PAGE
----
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Not currently on display at the V&A

Waistcoat

1620-1625 (made)
Artist/Maker
Place Of Origin

The high waistline and narrow sleeves, open at the front seam, are characteristic of women's waistcoats of the early 1620s. The blackwork embroidery is of exquisite quality and is worked in a continuous pattern throughout the body of the garment. A group of interlocking curling stems enhanced with a garden of roses, rosebuds, peapods, oak leaves, acorns, pansy and pomegranates, with wasps, butterflies and birds, make up the embroidery design. The extremely fine speckling stitches create the shaded effect of a woodblock print. This style of blackwork is typical of the early seventeenth-century and thought to have been inspired by the designs from woodblock prints that the embroiderers were using. The waistcoat is unlined and embellished with an insertion of bobbin lace in black and white linen at the back of each sleeve, and a edging of bobbin lace in the same colours.
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object details
Categories
Object Type
Materials and Techniques
Linen embroidered with silk
Brief Description
F, embroidered, 1620-25, English; Black silk on linen
Physical Description
A woman's waistcoat of linen embroidered in silk thread in speckling, stem and double-plait stitches, and trimmed with bobbin lace of white and black linen. Waistcoats were long-sleeved upper garments, opening down the front and fitted at the waist using inserted gores. This example has a high waist and one-piece shoulder wings. The narrow, curved sleeves are open at the front and trimmed with bobbin lace, and have a bobbin lace insertion at the back, and small turned -back cuffs. The waistcoat is unlined. The embroidery consists of an all-over pattern of scrolling stems, bearing flowers - roses, pomegranates, pansies - as well as pea-pods, pomegranates, acorns and oak leaves, and also birds, wasps and butterflies. The high waistline and narrow, open sleeves indicate a date of 1620-25.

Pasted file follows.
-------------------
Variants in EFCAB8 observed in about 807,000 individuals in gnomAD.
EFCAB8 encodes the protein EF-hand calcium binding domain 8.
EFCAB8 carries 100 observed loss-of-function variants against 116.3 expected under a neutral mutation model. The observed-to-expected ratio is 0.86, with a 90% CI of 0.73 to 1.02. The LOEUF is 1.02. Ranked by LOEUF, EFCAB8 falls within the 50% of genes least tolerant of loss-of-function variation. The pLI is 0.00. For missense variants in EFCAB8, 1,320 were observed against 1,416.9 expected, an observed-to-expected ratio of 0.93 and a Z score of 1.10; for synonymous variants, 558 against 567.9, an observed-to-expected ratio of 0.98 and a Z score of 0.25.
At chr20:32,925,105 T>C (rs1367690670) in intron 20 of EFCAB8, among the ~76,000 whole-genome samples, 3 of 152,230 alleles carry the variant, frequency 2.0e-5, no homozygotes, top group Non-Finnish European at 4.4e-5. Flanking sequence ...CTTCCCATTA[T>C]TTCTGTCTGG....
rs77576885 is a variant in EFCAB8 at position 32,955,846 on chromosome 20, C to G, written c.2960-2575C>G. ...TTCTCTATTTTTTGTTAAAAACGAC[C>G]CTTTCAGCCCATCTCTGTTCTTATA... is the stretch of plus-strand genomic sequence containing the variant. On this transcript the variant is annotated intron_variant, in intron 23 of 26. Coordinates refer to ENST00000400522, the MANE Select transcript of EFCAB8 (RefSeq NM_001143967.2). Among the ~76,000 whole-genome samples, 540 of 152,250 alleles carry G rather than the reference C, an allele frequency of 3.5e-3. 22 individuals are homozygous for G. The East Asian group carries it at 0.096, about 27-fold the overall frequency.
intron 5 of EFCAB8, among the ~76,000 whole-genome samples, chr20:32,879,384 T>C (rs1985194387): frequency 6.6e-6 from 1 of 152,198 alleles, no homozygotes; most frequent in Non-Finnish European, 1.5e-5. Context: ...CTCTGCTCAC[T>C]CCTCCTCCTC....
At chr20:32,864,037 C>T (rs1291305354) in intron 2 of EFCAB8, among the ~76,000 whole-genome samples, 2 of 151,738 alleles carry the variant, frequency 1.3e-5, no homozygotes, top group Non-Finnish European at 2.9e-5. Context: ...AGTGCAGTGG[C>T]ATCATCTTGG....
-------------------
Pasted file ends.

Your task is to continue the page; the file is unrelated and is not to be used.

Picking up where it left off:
Dimensions
  • Back length: 45cm
Object history
Although acquired in 1935, this waistcoat also belongs ot the Isham collection. It was 'exchanged' in 1935 for a blue velvet and silver lace saddle cloth and a pair of holsters thta were part of he Isham collection purchased in 1899.
Subjects depicted
Summary
The high waistline and narrow sleeves, open at the front seam, are characteristic of women's waistcoats of the early 1620s. The blackwork embroidery is of exquisite quality and is worked in a continuous pattern throughout the body of the garment. A group of interlocking curling stems enhanced with a garden of roses, rosebuds, peapods, oak leaves, acorns, pansy and pomegranates, with wasps, butterflies and birds, make up the embroidery design. The extremely fine speckling stitches create the shaded effect of a woodblock print. This style of blackwork is typical of the early seventeenth-century and thought to have been inspired by the designs from woodblock prints that the embroiderers were using. The waistcoat is unlined and embellished with an insertion of bobbin lace in black and white linen at the back of each sleeve, and a edging of bobbin lace in the same colours.
Bibliographic References
  • Santina M. Levey, 'Lace - A History' (V&A: W.S. Maney & Sons, 1983)
  • Hart & North, 'Historical Fashion in Detail' (V&A: V&A Publications, 1998)
  • John Lea Nevinson, Catalogue of English Domestic Embroidery of the Sixteenth & Seventeenth Centuries, Victoria and Albert Museum, Department of Textiles, London: HMSO, 1938, p.79, plate LVI
  • Geddes, Elisabeth and Moira McNeill, Blackwork Embroidery, New York: Dover, 1976
  • Costigliolo, Luca, 'Blackwork waistcoat', in North, Susan and Jenny Tiramani, eds, Seventeenth-Century Women’s Dress Patterns, vol.1, London: V&A Publishing, 2011, pp.48-59
Collection
Accession Number
T.4-1935

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record createdMarch 10, 2005
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